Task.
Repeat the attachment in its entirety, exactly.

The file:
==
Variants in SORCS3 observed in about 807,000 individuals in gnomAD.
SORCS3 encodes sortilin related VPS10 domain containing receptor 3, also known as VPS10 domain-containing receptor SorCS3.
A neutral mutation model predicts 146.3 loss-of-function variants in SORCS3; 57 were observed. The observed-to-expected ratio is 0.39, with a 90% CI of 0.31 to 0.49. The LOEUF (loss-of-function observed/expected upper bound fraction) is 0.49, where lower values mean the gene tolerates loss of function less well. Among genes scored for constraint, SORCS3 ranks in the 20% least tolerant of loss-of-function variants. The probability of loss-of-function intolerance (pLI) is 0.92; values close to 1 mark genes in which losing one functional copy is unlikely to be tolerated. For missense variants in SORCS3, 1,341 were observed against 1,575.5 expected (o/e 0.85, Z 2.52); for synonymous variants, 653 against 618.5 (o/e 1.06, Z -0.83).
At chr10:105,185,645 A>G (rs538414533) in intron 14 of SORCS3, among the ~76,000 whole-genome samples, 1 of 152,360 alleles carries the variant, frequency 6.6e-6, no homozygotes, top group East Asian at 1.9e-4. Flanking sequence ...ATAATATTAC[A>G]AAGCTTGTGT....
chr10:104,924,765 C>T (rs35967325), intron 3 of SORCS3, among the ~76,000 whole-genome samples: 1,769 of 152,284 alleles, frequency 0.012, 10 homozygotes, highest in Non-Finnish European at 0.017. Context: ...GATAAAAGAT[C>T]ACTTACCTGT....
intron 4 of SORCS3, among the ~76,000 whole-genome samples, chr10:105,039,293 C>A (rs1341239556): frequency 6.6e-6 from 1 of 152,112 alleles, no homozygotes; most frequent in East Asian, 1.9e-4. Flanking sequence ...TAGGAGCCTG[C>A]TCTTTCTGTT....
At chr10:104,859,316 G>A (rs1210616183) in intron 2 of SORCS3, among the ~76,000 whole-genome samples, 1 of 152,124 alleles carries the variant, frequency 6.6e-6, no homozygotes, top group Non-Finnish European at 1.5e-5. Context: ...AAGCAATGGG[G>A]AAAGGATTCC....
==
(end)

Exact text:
Variants in SORCS3 observed in about 807,000 individuals in gnomAD.
SORCS3 encodes sortilin related VPS10 domain containing receptor 3, also known as VPS10 domain-containing receptor SorCS3.
A neutral mutation model predicts 146.3 loss-of-function variants in SORCS3; 57 were observed. The observed-to-expected ratio is 0.39, with a 90% CI of 0.31 to 0.49. The LOEUF (loss-of-function observed/expected upper bound fraction) is 0.49, where lower values mean the gene tolerates loss of function less well. Among genes scored for constraint, SORCS3 ranks in the 20% least tolerant of loss-of-function variants. The probability of loss-of-function intolerance (pLI) is 0.92; values close to 1 mark genes in which losing one functional copy is unlikely to be tolerated. For missense variants in SORCS3, 1,341 were observed against 1,575.5 expected (o/e 0.85, Z 2.52); for synonymous variants, 653 against 618.5 (o/e 1.06, Z -0.83).
At chr10:105,185,645 A>G (rs538414533) in intron 14 of SORCS3, among the ~76,000 whole-genome samples, 1 of 152,360 alleles carries the variant, frequency 6.6e-6, no homozygotes, top group East Asian at 1.9e-4. Flanking sequence ...ATAATATTAC[A>G]AAGCTTGTGT....
chr10:104,924,765 C>T (rs35967325), intron 3 of SORCS3, among the ~76,000 whole-genome samples: 1,769 of 152,284 alleles, frequency 0.012, 10 homozygotes, highest in Non-Finnish European at 0.017. Context: ...GATAAAAGAT[C>T]ACTTACCTGT....
intron 4 of SORCS3, among the ~76,000 whole-genome samples, chr10:105,039,293 C>A (rs1341239556): frequency 6.6e-6 from 1 of 152,112 alleles, no homozygotes; most frequent in East Asian, 1.9e-4. Flanking sequence ...TAGGAGCCTG[C>A]TCTTTCTGTT....
At chr10:104,859,316 G>A (rs1210616183) in intron 2 of SORCS3, among the ~76,000 whole-genome samples, 1 of 152,124 alleles carries the variant, frequency 6.6e-6, no homozygotes, top group Non-Finnish European at 1.5e-5. Context: ...AAGCAATGGG[G>A]AAAGGATTCC....